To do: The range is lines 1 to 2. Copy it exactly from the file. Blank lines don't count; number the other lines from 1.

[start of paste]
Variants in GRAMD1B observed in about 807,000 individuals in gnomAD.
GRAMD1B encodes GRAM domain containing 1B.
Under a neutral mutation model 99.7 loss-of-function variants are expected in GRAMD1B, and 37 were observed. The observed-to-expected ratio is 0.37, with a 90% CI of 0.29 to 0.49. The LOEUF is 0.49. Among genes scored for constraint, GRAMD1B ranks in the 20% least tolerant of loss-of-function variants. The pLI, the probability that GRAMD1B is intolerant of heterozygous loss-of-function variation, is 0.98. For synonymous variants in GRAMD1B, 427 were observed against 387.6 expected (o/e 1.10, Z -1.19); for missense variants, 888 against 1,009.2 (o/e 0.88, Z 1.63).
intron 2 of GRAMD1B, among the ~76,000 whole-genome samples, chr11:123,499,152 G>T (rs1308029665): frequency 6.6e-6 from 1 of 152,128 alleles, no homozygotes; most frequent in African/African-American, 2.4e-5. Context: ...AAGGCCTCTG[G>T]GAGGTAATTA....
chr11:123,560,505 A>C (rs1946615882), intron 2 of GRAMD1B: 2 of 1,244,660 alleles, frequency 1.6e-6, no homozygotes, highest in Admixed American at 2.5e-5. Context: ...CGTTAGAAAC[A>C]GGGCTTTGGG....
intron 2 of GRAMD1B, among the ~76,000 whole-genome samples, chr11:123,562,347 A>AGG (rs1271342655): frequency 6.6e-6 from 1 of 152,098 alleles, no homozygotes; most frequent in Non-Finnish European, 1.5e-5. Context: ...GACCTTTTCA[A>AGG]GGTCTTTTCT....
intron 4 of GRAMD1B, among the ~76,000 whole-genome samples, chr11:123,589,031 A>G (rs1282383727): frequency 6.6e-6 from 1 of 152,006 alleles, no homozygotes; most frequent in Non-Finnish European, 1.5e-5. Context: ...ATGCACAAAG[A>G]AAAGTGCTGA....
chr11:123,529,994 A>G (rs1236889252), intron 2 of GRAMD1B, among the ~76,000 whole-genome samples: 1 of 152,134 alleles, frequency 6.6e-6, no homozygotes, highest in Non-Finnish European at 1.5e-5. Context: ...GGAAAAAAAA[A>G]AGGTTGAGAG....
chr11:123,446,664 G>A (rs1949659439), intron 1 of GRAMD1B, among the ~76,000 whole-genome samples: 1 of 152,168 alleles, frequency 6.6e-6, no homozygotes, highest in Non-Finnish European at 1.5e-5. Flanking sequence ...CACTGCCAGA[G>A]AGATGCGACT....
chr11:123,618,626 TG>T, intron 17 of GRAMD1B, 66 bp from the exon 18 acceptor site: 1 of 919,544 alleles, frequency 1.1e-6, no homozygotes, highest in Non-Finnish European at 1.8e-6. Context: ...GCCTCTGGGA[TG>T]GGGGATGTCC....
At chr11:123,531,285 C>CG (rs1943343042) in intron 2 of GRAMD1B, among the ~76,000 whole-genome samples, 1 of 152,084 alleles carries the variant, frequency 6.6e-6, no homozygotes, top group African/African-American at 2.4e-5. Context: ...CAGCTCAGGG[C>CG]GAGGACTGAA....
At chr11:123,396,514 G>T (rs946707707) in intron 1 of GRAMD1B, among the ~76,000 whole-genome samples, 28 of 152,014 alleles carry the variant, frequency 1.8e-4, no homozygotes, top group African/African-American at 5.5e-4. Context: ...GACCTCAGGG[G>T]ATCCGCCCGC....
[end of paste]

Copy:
Variants in GRAMD1B observed in about 807,000 individuals in gnomAD.
GRAMD1B encodes GRAM domain containing 1B.